When people predicted whether stocks were going to rise or fall from market reports, only 47 percent of their predictions were correct, but their average confidence was 65 percent. Over 85 percent of us think we're better drivers than the average person. In most every aspect of life, we consistently overrate our knowledge and abilities. Of course, in some cases overconfidence helps us achieve things we normally wouldn't. Few people would start a new business if they thought it wasn't going to succeed, yet over two-thirds of small businesses fail within the first four years of their start-up. However, overconfidence can also cause catastrophic results. Before the space shuttle Challenger exploded, NASA estimated the probability of a catastrophe to be one in one hundred thousand launches. That's equivalent to launching the shuttle every day for three centuries! With such confidence, it's no wonder NASA thought they could launch the shuttle under extremely adverse conditions. Overconfidence also leads to the planning fallacy. Do you normally underestimate the time or expense to complete a project? Most of us do. When students estimated how long it would take to write their theses, their average estimate of 33.9 days fell way short of the 55.5 days it actually took.28 Government projects are particularly susceptible to the planning fallacy. When the Australian government decided to build the famous Sydney Opera House in 1957, they thought it could be completed by 1963 at a cost of $7 million. In fact, a scaled-down version opened in 1973 at a cost of $102 million. The city of Boston recently constructed a new underground highway system known as the "big dig." The initial estimates indicated the project would be completed in 1998 and cost $2.6 billion. The majority of the work was completed by 2005, with a price tag of over $14 billion! Research consistently reveals little or no relation between our confidence and accuracy. As an example, when clinical psychologists and students repeatedly evaluated patients after receiving increasing amounts of information, confidence in their judgments went up, but accuracy stayed about the same.30 Particularly disconcerting, psychologist Elizabeth Loftus, who studies the relationship between eyewitness court testimony and accuracy in criminal identification, concluded, "One should not take high confidence as any absolute guarantee of anything."31 Even when eyewitnesses are extremely confident in their identifications, they are often wrong. Studies have also found no relation between confidence and accuracy when clinicians diagnose brain damage, or when physicians diagnose cancer or pneumonia.32 In effect, physicians are as confident on the cases they misdiagnose as they are on the cases they diagnose correctly.

Just because we think we know something, doesn't always mean we do. One reason we're overconfident is we remember the hits and forget the misses--we often remember the times we're successful, and forget the times we fail. It's a bit more complicated, however, because sometimes our failures are our most vivid memories. It turns out that even when we remember our failures, we interpret them in a way that still bolsters our belief. Eileen Langer, a Harvard psychologist, calls it the "Heads I win, tails its chance" phenomenon.33 As we saw with gamblers' behavior, if we're successful, we think the positive outcome was caused by our knowledge and ability. If we're unsuccessful, we think the negative outcome was caused by something we had no control over. As a result, we reinterpret our failures to be consistent with an overall positive belief in our abilities. With all the ways our decisions can go wrong, you would think we'd have a little humility about our ability to make accurate judgments--but we don't. Research has consistently demonstrated that we're overconfident in the judgments we make. And these include the judgments of professionals like doctors, lawyers, security analysts, and engineers. One study showed, for instance, that when doctors diagnosed pneumonia, they were 88 percent confident in their diagnoses, even though their patients had pneumonia only 20 percent of the time. Sixty-eight percent of lawyers believe that they will win their case, when only 50 percent can. When people predicted whether stocks were going to rise or fall from market reports, only 47 percent of their predictions were correct, but their average confidence was 65 percent. Over 85 percent of us think we're better drivers than the average person. In most every aspect of life, we consistently overrate our knowledge and abilities. Of course, in some cases overconfidence helps us achieve things we normally wouldn't. Few people would start a new business if they thought it wasn't going to succeed, yet over two-thirds of small businesses fail within the first four years of their start-up. However, overconfidence can also cause catastrophic results. Before the space shuttle Challenger exploded, NASA estimated the probability of a catastrophe to be one in one hundred thousand launches. That's equivalent to launching the shuttle every day for three centuries!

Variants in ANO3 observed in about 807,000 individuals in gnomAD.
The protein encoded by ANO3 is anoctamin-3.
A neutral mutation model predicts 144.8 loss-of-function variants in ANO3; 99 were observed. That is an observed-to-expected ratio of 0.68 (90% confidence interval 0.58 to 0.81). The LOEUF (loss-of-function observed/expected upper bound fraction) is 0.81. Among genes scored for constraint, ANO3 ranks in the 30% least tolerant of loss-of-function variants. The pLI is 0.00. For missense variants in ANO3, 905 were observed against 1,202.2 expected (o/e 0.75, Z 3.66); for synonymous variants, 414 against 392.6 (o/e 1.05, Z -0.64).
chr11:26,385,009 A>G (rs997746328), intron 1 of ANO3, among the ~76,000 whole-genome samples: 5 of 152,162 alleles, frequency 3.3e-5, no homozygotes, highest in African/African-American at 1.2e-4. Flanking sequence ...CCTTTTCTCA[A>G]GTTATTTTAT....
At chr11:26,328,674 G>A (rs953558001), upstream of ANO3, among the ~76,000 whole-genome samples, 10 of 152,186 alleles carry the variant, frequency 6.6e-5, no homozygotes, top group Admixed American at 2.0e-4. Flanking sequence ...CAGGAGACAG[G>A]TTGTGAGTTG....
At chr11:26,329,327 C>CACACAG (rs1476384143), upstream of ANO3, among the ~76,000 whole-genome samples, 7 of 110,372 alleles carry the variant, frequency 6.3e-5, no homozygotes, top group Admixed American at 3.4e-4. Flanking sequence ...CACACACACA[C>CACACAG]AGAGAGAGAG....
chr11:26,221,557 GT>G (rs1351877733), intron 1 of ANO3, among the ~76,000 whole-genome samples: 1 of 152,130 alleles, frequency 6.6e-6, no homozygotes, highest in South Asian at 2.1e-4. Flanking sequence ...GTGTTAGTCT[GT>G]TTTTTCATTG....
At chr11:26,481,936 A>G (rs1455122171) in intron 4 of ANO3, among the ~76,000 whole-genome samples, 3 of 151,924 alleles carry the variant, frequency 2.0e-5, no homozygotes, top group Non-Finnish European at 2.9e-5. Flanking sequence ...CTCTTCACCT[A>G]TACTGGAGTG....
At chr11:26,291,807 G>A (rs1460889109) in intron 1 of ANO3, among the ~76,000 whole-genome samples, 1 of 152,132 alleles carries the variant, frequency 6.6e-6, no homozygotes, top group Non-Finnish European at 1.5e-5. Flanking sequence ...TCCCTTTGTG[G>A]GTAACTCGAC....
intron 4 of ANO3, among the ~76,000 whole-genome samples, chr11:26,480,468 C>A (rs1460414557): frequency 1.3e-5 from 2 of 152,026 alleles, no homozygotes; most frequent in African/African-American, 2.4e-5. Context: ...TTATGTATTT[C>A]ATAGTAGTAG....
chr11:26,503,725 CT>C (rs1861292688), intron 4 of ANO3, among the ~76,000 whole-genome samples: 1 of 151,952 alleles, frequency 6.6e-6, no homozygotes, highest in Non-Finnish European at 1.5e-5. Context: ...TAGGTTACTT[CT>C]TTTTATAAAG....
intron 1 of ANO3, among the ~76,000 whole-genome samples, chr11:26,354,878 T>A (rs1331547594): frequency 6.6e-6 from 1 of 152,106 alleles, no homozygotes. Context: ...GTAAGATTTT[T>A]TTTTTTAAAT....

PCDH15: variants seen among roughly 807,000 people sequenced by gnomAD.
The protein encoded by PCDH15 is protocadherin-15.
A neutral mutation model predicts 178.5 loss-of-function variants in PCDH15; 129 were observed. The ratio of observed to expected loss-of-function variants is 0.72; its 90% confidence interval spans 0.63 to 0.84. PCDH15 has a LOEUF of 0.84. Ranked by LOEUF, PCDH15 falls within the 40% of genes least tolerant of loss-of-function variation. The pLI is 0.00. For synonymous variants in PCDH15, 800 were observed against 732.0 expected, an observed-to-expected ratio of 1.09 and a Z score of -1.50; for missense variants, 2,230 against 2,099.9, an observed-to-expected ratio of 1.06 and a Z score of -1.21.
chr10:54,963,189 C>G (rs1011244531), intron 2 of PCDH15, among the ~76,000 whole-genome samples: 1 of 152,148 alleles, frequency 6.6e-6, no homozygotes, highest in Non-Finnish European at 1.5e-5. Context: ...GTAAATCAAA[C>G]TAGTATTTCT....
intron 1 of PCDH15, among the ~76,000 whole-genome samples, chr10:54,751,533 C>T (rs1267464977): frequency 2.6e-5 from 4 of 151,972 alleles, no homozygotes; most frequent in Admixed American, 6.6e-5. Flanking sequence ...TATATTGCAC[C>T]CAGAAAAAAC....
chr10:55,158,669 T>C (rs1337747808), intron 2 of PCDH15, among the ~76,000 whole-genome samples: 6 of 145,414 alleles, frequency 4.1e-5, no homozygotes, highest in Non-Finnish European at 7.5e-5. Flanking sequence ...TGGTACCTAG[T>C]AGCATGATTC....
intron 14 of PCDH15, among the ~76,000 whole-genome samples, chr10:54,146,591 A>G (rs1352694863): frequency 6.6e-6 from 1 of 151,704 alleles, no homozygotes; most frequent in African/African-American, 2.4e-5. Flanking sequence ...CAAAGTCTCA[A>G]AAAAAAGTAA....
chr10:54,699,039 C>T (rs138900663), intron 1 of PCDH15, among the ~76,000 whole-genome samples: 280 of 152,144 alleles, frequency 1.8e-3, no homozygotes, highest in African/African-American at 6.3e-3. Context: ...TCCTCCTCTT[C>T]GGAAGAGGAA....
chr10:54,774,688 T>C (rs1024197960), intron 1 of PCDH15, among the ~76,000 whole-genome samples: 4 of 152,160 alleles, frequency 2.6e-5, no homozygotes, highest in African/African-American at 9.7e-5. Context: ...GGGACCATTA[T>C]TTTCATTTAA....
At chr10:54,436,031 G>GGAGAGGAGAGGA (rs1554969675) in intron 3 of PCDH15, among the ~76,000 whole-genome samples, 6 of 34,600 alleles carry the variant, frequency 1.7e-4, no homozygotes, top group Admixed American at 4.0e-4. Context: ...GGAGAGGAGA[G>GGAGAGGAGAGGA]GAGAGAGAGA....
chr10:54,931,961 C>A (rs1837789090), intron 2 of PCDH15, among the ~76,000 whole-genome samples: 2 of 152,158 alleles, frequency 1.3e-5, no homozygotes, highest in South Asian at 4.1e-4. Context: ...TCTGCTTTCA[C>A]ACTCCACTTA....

With such confidence, it's no wonder NASA thought they could launch the shuttle under extremely adverse conditions. Overconfidence also leads to the planning fallacy. Do you normally underestimate the time or expense to complete a project? Most of us do. When students estimated how long it would take to write their theses, their average estimate of 33.9 days fell way short of the 55.5 days it actually took.28 Government projects are particularly susceptible to the planning fallacy. When the Australian government decided to build the famous Sydney Opera House in 1957, they thought it could be completed by 1963 at a cost of $7 million. In fact, a scaled-down version opened in 1973 at a cost of $102 million. The city of Boston recently constructed a new underground highway system known as the "big dig." The initial estimates indicated the project would be completed in 1998 and cost $2.6 billion. The majority of the work was completed by 2005, with a price tag of over $14 billion! Research consistently reveals little or no relation between our confidence and accuracy. As an example, when clinical psychologists and students repeatedly evaluated patients after receiving increasing amounts of information, confidence in their judgments went up, but accuracy stayed about the same.30 Particularly disconcerting, psychologist Elizabeth Loftus, who studies the relationship between eyewitness court testimony and accuracy in criminal identification, concluded, "One should not take high confidence as any absolute guarantee of anything."31 Even when eyewitnesses are extremely confident in their identifications, they are often wrong. Studies have also found no relation between confidence and accuracy when clinicians diagnose brain damage, or when physicians diagnose cancer or pneumonia.32 In effect, physicians are as confident on the cases they misdiagnose as they are on the cases they diagnose correctly. Just because we think we know something, doesn't always mean we do. One reason we're overconfident is we remember the hits and forget the misses--we often remember the times we're successful, and forget the times we fail. It's a bit more complicated, however, because sometimes our failures are our most vivid memories. It turns out that even when we remember our failures, we interpret them in a way that still bolsters our belief. Eileen Langer, a Harvard psychologist, calls it the "Heads I win, tails its chance" phenomenon.33 As we saw with gamblers' behavior, if we're successful, we think the positive outcome was caused by our knowledge and ability. If we're unsuccessful, we think the negative outcome was caused by something we had no control over. As a result, we reinterpret our failures to be consistent with an overall positive belief in our abilities. Mindfulness is a function that disarms distractions, in the same way that a munitions expert might defuse a bomb.